Nimbus Data today launched its Gemini X series of enterprise all-flash arrays that can store 96 TB of raw capacity in one box and scale to nearly 1 PB in a cluster.
"We're having a lot of customer conversations around large all-flash deployments," Nimbus CEO Tom Isakovich said. "The market is maturing, and people are no longer just using flash for specific databases or VDI [virtual desktop infrastructure] needs. [The] conversation is becoming, 'We want to use flash for our entire Tier 1 environment.'"
The scale-out Nimbus Gemini X uses the same HALO operating system as the Gemini F series, but has a different architecture. While the F series arrays are single independent nodes, the X series consists of Flash Directors and Flash Nodes. Each X1000 Flash Director is a low-latency 320 Gbps Remote Direct Memory Access (RDMA) switch with up to 40 ports. The ports can be 16 Gbps Fibre Channel (FC), 10 or 40 Gigabit Ethernet, or 56 Gbps InfiniBand.
Directors manage storage across each cluster. A director supports 40 Gbps of sustained throughput, 4 million 4 KB IOPS, and sub-100 microseconds of latency, according to Nimbus. Each Gemini X system includes two directors for redundancy.
Gemini X96 and X48 Flash Nodes are 2u arrays that support 96 TB or 48 TB. The nodes have 24 slots. The X96 uses Nimbus' new 4 TB enterprise flash drives or its existing 2 TB drives. The X48 includes 2 TB drives. The nodes offload hardware-intensive operations such as inline deduplication, flash management, encryption and parity protection. The nodes connect to directors through RDMA. Nimbus uses 1x nanometer multi-level cell flash drives.
Customers can cluster up to 10 arrays for 960 TB of flash capacity in a single namespace in 24u of rack space. Each node adds 32 Gbps of bandwidth and 400,000 IOPS to the cluster. The system's parity-based data protection allows customers to lose a node in a cluster without losing data.
"This is true scale-out," Isakovich said. "It scales capacity with performance with centralized management, and full offload of data services to the storage nodes."
Nimbus Gemini F customers can upgrade to an X48 node by swapping controllers and connecting to Flash Directors.
Jim Bagley, senior analyst for SSG-NOW, said the Nimbus Gemini X moves the vendor to the top of the heap for capacity in an array developed specifically for flash.
"This is an impressive milestone for Nimbus, with that kind of capacity," Bagley said. "I don't know of any customers deploying 96 terabytes of flash yet, but they're going to want to eventually. With this system, they know they can grow into the system without doing a forklift upgrade."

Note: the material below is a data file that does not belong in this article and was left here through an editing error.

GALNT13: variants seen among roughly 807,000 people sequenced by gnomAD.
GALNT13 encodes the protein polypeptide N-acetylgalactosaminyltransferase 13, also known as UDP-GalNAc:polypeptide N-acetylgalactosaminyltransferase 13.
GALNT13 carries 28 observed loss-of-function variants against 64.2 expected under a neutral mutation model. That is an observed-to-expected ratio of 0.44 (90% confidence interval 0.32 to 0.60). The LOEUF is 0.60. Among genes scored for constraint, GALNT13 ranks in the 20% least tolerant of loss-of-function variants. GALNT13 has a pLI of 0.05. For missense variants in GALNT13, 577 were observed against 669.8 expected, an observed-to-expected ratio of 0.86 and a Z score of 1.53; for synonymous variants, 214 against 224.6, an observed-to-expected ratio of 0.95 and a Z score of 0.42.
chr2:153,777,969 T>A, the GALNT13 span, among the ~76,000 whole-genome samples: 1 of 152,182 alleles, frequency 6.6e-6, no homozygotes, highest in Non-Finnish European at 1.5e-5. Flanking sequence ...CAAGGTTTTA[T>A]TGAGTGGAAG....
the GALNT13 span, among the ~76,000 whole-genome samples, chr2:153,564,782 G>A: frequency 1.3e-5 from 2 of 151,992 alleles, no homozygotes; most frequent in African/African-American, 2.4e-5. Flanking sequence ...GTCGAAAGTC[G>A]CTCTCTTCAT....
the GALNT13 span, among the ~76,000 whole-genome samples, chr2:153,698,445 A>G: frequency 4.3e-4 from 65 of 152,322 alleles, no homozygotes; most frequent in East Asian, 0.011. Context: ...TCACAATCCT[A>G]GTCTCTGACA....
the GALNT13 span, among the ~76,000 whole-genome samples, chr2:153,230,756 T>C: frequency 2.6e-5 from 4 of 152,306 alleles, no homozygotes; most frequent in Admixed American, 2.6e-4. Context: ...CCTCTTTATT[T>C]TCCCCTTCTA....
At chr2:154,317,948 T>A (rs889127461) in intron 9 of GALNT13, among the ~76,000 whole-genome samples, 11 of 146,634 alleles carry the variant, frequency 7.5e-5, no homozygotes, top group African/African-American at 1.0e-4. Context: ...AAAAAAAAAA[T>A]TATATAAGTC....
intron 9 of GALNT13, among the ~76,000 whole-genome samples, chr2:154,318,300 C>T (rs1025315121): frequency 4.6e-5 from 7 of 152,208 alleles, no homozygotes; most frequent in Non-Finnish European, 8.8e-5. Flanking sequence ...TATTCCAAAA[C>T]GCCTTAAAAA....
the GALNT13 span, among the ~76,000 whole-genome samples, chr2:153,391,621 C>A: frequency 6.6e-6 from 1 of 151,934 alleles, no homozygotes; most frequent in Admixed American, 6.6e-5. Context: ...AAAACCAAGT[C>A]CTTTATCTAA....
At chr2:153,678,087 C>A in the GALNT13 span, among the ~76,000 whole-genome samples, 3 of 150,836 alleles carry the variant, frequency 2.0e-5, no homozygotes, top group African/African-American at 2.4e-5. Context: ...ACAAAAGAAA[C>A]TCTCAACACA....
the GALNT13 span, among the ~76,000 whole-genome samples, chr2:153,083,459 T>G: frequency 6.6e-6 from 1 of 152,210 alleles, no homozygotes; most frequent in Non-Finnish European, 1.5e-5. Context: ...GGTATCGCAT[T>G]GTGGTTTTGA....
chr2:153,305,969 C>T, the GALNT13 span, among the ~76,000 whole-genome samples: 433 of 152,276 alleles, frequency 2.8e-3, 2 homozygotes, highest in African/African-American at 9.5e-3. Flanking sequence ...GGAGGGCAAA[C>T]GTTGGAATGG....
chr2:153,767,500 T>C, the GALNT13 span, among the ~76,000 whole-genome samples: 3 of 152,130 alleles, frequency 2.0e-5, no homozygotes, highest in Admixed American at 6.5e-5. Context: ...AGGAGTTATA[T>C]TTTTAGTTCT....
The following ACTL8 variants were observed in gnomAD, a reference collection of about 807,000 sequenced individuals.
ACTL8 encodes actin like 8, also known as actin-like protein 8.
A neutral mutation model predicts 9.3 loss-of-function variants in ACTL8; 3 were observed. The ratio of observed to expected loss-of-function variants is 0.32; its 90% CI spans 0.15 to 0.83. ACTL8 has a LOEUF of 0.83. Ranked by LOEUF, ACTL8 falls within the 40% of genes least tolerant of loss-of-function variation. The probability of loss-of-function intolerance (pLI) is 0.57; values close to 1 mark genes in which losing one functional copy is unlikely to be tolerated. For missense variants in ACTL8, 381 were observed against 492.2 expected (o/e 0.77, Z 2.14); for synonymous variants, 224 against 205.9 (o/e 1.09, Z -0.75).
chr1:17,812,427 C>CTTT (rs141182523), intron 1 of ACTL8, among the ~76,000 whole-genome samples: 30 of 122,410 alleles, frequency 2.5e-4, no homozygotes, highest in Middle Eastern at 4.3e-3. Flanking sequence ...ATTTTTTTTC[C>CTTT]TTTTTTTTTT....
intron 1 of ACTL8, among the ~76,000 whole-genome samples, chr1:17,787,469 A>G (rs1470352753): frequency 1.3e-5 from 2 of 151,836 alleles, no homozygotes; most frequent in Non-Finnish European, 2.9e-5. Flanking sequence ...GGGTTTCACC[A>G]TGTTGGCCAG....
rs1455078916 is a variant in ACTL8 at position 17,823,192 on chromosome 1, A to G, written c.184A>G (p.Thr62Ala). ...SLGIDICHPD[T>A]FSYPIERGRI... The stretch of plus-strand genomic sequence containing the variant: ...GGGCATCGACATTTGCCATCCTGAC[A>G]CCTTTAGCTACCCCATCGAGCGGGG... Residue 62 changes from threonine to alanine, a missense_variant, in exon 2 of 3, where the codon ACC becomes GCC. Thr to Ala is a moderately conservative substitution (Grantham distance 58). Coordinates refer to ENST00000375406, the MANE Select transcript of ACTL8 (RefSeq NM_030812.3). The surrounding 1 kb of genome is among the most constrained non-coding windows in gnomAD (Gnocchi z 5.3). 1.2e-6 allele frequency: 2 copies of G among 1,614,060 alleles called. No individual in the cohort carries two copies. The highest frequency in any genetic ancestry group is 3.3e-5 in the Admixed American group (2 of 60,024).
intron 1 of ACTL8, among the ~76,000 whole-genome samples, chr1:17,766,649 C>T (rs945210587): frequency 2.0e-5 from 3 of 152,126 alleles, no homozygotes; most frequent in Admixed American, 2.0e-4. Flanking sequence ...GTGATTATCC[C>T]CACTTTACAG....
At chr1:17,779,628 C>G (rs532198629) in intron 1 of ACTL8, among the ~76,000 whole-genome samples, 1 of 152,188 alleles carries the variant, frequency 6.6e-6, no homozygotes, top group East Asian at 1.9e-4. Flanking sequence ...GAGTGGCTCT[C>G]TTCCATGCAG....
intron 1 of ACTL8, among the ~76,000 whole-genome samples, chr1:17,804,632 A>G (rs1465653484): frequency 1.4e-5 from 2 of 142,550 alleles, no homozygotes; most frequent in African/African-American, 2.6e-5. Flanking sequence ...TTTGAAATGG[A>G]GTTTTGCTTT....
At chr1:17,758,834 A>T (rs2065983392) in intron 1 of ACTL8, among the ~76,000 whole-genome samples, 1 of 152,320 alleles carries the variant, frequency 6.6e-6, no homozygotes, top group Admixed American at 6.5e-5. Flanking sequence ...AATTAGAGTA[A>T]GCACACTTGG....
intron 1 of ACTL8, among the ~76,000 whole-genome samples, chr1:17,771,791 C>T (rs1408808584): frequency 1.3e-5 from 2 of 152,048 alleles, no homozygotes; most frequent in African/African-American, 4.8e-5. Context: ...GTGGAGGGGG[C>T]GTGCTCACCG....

Bagley said the all-flash market has changed over the past year with larger vendors adding products to compete with Nimbus and other startups who had early all-flash arrays.
"It's a much more diverse situation now that you have EMC, HP, Dell and IBM in it," he said, "plus the gang of startups."
Isakovich considers EMC XtremIO the main competition for Gemini X, because EMC is the largest storage vendor and XtremIO is the only other scale-out array built solely for flash. Isakovich said Nimbus' management features are ahead of XtremIO's because Nimbus has been selling all-flash arrays for more than three years, while XtremIO launched late in 2013. XtremIO is also SAN-only (FC and iSCSI), while Nimbus supports FC, iSCSI and NAS (NFS and SMB) protocols.
Isakovich said the Gemini X target customer will deploy more than 50 TB of flash, usually for virtual servers or desktops, large databases or data warehouse applications. He said the features customers look for depend on their use case. "For database customers, it's all about latency," he said. "They're not interested in anything that gets in the way of latency -- no dedupe, no compression, no encryption. For virtualization customers, latency is not the most important thing. They're going to run dedupe, compression, maybe encryption and still get fantastic performance. That's why you can run our system with any service on or off."
The Nimbus Gemini X will be available through an early access program beginning in April, with general availability (GA) scheduled for the summer. Isakovich said pricing will be set when the systems go GA.